Diesel Engine Exhaust Emission Monitoring
The owners of a non-coal mine had employed consultants to carry out an assessment of exposure to diesel engine exhaust emissions (DEEEs) in the mine. They used the HSE booklet ('Control of Diesel Engine Exhaust Emissions in the Workplace') as their guide on how to assess workplace exposure to DEEEs and, within the limits of this guide, produced a good report. However, this demonstrated the limitations of the HSE guidance because no actual measurements of DEEEs were made.
HSE then funded a project with HSL to carry out further monitoring in the mine including collection of diesel particulate samples for organic carbon and elemental carbon analysis. Elemental carbon (EC) provides an excellent surrogate measure of exposure to DEEEs and allows comparisons to be made with other mines and industries. As a guide, any results above 200 µg/m³ EC would be classed as high exposure. The aim is to get all exposures below 150 µg/m³ EC with an ultimate target of below 100 µg/m³ EC.
The mine was worked by bord and pillar methods with the mineral being liberated by blasting. Up to six diesel powered vehicles operate in the mine, including two new dumper trucks which continually transport the broken mineral from the production area to a stockpile at the surface, and a large and relatively new Cat 938G front end loader.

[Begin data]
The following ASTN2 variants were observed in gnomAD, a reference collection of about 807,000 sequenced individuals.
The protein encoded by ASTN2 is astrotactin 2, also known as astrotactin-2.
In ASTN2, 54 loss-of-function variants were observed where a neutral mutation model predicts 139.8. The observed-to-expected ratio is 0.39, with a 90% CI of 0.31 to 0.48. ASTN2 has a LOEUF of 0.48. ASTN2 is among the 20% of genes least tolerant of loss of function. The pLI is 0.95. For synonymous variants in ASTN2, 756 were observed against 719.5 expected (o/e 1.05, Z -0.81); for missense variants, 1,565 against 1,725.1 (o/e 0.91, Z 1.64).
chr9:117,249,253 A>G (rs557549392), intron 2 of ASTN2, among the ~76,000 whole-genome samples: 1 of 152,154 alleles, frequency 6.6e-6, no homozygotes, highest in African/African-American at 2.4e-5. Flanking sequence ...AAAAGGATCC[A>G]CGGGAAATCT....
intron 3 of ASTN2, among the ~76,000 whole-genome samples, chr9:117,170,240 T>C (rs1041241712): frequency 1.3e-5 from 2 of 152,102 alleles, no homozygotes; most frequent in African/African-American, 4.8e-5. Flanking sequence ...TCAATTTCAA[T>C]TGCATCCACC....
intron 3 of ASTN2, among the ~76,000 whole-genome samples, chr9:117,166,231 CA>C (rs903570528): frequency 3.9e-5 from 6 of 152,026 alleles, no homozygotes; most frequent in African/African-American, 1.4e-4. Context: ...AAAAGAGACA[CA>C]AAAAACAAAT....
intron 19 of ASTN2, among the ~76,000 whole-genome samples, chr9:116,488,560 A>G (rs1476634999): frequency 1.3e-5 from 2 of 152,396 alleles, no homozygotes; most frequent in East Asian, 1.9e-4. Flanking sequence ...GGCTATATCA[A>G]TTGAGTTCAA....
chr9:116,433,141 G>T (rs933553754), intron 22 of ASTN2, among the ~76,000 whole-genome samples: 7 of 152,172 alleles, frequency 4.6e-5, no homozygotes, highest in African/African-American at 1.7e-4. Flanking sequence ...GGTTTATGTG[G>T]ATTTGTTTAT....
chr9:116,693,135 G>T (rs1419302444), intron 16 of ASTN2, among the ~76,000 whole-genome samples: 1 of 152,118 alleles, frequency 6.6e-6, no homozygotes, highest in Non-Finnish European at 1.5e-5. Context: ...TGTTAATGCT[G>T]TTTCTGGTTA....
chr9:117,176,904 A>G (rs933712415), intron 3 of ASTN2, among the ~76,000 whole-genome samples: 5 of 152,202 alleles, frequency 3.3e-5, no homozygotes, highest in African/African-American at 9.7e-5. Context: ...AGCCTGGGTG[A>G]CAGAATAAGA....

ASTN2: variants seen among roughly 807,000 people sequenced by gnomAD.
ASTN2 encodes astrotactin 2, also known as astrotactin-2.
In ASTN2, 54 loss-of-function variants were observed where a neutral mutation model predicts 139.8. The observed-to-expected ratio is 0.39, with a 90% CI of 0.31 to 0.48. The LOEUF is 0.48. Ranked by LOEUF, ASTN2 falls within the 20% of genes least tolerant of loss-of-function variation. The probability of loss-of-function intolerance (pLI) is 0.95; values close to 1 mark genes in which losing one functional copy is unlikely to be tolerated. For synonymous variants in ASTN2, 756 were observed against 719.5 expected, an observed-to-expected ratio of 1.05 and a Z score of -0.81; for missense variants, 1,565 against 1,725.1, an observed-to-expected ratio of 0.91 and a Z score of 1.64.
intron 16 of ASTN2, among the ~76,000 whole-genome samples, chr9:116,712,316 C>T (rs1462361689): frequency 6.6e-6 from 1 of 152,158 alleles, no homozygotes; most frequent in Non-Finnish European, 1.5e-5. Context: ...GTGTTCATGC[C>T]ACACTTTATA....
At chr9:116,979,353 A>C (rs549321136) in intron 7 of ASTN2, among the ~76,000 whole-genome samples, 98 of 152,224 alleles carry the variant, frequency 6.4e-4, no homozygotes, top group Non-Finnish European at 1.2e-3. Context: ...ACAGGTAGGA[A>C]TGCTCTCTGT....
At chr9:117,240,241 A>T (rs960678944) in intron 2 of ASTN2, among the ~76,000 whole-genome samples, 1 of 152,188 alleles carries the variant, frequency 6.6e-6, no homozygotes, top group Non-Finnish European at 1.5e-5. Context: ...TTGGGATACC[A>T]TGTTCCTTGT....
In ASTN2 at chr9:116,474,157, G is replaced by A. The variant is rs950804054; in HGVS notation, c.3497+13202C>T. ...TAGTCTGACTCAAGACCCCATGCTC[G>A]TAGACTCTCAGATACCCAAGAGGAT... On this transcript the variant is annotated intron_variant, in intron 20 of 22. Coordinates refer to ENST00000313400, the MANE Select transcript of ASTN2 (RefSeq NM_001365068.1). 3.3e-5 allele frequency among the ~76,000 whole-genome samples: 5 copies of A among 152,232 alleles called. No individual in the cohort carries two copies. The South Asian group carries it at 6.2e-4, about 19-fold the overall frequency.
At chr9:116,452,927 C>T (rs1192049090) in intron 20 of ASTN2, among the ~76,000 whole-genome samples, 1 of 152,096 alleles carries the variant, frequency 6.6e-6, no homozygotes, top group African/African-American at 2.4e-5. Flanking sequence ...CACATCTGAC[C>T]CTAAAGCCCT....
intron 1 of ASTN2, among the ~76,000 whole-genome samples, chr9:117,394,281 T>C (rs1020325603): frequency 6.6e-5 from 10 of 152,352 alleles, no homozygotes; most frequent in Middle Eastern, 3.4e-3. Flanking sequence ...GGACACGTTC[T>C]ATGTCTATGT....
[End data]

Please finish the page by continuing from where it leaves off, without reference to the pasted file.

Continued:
The measurements in the production area were all above 300 µg/m³ EC and in some cases well above. The main reason for the high results was considered to be inadequate ventilation and the mine has since addressed this and the situation is much improved. It was noteworthy that the filtered air cabs on the dumper trucks and the front end loader were very effective at reducing the driver's exposure to DEEEs so that in both cases, measurements inside the cab were 80% lower than outside.
Whilst at the mine the opportunity was taken to demonstrate how exposure to DEEEs can be estimated on-site by simply measuring the 'blackness' of a diesel particulate filter sample using a Bosch Smokemeter Evaluator. Non-coal mines are encouraged by the Mines Inspectorate to use this simple on-site method to monitor exposure. With regular monitoring, any high exposures can be quickly spotted and the causes attended to.
Diesel Fumes/Particulates in Mines - Phase 4
Part 1: Diesel Particulate Filter